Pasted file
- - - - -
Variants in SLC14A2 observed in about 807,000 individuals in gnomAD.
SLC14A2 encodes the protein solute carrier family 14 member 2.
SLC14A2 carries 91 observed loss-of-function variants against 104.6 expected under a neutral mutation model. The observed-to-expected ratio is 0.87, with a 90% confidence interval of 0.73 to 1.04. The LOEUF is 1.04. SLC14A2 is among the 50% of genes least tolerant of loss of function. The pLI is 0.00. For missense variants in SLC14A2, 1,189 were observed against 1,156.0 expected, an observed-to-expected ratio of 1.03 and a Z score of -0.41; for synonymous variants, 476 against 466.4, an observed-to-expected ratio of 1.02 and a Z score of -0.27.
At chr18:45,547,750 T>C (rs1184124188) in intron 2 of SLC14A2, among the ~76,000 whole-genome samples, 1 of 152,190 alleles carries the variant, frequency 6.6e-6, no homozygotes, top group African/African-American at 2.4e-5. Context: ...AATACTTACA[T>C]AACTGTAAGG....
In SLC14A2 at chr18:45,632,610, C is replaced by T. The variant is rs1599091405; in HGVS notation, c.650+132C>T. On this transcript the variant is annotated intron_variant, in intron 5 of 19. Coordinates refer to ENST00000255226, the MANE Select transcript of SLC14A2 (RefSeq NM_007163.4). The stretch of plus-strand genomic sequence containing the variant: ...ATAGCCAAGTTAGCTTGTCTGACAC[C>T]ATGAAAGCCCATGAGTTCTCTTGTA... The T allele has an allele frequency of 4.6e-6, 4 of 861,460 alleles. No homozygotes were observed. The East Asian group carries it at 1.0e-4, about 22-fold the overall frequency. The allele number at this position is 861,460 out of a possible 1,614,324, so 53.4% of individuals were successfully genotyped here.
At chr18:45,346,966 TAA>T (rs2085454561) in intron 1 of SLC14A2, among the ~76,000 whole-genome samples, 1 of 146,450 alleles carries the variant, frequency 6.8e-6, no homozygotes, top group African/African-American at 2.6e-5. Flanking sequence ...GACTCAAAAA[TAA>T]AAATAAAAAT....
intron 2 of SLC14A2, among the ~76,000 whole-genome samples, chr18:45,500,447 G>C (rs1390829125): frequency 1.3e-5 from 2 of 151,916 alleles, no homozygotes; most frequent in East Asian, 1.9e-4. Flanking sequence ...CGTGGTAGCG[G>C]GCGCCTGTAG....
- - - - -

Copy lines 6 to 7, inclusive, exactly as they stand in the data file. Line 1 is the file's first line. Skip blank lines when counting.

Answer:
At chr18:45,346,966 TAA>T (rs2085454561) in intron 1 of SLC14A2, among the ~76,000 whole-genome samples, 1 of 146,450 alleles carries the variant, frequency 6.8e-6, no homozygotes, top group African/African-American at 2.6e-5. Flanking sequence ...GACTCAAAAA[TAA>T]AAATAAAAAT....
intron 2 of SLC14A2, among the ~76,000 whole-genome samples, chr18:45,500,447 G>C (rs1390829125): frequency 1.3e-5 from 2 of 151,916 alleles, no homozygotes; most frequent in East Asian, 1.9e-4. Flanking sequence ...CGTGGTAGCG[G>C]GCGCCTGTAG....